Coral Accused of Promoting iGaming on Parenting Blogs

A story in the Guardian newspaper cited a source that used to work for Coral saying the gambling company paid parenthood-related blog sites to encourage readers to visit their website.

Coral Accused of Promoting iGaming on Parenting Blogs

A story by the Guardian newspaper claims that the online gambling company Coral paid parenting bloggers to offer gambling tips to new mothers.

The site was reportedly paying blogs to recommend its online casino games and link to its website. The practice was widely condemned as “predatory” by mental health and addiction experts the newspaper talked to. They also cited a source that worked for the company and said it was aware of the practice.

Coral apparently made deals with the bloggers under the guise of relieving the stress of caring for a new baby, then put in the links back to the gambling site.

One post was supposedly about baby food recipes, but quickly turned to gambling—“If as a mum you can’t leave the house, then why not consider bingo online? You can click here to play Bingo online at Coral – this momentary break from childcare can prove beneficial.”

Another stated: “opulent games of online roulette that are easy to learn and can provide some handy winnings too.”

Claire Murdoch, NHS England’s national mental health director, told the Guardian this was terrible business practice.

“It’s cynical for gambling firms to target new and single mums at a time in their lives when they may be suffering stress, sleep deprivation and issues which make them particularly vulnerable,” Murdoch said. “This is yet another example of predatory behavior from a gambling industry which is worth billions each year – while at the same time the NHS is investing more than ever before in mental health support for new mothers.”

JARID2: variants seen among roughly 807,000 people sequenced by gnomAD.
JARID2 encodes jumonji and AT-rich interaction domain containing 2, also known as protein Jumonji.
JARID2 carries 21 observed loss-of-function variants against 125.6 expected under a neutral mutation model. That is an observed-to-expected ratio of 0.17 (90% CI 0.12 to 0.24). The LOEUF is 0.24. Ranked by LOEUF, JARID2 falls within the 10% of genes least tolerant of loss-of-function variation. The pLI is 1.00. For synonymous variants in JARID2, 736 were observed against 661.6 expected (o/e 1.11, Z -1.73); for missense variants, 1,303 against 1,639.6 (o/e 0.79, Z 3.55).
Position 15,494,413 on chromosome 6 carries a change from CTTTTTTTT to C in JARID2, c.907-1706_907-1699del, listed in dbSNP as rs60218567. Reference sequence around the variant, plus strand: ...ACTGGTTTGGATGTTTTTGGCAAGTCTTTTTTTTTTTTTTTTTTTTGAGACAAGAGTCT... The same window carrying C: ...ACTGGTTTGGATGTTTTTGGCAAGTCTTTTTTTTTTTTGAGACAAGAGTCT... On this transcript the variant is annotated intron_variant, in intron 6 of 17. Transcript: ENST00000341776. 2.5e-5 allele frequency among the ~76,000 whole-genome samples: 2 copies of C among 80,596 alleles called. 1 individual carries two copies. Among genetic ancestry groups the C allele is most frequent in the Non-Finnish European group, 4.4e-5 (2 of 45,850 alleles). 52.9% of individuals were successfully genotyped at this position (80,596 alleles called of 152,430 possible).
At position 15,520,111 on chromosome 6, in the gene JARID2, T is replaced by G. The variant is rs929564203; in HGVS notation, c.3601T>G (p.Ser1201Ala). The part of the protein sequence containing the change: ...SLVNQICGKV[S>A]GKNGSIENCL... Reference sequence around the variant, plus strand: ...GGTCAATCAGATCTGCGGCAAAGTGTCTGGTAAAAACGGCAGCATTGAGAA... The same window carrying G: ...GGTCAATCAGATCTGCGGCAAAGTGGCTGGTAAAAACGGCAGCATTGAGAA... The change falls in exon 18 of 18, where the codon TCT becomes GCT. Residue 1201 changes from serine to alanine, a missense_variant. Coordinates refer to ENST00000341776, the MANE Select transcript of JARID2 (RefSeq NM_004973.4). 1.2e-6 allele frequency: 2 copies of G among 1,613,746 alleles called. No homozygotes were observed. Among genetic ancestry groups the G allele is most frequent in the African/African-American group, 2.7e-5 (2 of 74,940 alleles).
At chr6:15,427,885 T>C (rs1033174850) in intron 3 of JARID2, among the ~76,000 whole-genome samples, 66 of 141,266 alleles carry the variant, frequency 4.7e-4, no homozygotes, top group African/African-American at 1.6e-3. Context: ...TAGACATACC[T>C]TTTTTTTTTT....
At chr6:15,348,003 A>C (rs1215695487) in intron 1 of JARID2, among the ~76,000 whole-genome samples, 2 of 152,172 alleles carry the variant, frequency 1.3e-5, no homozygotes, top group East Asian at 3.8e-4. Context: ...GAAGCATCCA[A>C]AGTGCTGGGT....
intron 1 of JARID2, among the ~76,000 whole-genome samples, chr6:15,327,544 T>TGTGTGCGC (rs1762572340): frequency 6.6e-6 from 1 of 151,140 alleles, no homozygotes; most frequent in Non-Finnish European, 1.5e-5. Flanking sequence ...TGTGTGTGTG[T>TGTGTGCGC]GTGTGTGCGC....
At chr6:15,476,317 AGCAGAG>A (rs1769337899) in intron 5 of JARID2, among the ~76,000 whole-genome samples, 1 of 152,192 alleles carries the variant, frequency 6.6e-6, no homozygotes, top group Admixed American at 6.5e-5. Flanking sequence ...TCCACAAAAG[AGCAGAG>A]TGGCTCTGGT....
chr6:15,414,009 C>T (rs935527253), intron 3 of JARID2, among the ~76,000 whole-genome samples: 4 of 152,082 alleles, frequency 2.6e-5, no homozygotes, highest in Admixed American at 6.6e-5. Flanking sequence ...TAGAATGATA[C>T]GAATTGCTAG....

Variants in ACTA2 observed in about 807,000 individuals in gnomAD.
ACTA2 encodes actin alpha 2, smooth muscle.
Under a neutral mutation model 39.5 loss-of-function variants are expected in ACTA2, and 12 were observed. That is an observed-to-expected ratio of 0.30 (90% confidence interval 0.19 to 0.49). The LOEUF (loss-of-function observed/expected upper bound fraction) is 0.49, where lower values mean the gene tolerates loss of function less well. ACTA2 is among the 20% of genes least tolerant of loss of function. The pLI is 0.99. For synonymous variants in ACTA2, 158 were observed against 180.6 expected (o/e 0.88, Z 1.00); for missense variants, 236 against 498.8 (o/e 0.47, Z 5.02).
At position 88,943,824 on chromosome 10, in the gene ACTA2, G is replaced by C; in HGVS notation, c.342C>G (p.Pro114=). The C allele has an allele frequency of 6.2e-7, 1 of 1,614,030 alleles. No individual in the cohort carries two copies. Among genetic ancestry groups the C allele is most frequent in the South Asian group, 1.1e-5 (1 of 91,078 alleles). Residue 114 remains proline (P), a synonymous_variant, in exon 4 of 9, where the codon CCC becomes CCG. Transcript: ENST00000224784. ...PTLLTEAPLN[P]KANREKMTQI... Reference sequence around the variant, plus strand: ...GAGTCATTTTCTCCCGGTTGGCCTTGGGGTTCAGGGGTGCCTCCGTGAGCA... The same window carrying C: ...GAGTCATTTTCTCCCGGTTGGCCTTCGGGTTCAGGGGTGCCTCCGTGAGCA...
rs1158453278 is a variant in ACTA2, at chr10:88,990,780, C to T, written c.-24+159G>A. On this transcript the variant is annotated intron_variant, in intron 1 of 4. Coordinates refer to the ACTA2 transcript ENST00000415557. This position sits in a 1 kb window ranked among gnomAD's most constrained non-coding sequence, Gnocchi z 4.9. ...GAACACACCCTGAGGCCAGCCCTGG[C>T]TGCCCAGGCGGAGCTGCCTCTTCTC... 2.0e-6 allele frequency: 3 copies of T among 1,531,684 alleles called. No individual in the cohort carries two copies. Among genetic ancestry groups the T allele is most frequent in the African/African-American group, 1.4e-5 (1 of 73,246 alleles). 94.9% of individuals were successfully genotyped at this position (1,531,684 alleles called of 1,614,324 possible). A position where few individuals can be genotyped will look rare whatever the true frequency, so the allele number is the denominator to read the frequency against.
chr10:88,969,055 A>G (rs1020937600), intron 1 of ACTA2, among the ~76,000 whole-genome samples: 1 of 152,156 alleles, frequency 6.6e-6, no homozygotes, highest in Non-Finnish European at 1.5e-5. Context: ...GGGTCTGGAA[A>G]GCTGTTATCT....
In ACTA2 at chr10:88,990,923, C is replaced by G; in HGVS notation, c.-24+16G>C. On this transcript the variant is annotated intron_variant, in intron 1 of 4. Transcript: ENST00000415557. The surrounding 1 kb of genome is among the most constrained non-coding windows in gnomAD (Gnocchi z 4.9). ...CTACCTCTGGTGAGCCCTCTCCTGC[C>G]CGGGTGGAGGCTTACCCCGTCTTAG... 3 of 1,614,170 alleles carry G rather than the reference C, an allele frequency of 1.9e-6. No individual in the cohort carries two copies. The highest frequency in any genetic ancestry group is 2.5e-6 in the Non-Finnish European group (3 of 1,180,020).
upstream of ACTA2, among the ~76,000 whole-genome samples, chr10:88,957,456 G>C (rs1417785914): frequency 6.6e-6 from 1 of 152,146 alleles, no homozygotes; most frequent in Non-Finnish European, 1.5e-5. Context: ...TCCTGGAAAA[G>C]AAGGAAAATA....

The Advertising Standards Authority’s (ASA) guidelines state that gambling adverts must not be “socially irresponsible,” including presenting betting as a way to relieve loneliness or depression. The guidelines also say that gambling can’t be presented as a “solution to financial concerns.”

Three other parenting blogs were associated with recommending online casino and bingo and then linking back to the Coral website.

A representative for Entain, which owns Coral, said the articles were posted between 2014-2016 before the company bought the company from Ladbrokes. They added they would try and get them removed from the websites, but added since they were on a site not affiliated with the company it would be difficult to achieve.

“Neither Coral nor any Entain brand actively targets young mothers or any other potentially vulnerable group through the use of affiliate marketing,” a spokesperson told the Guardian. “We do not make payments to any of the sites in the examples provided.”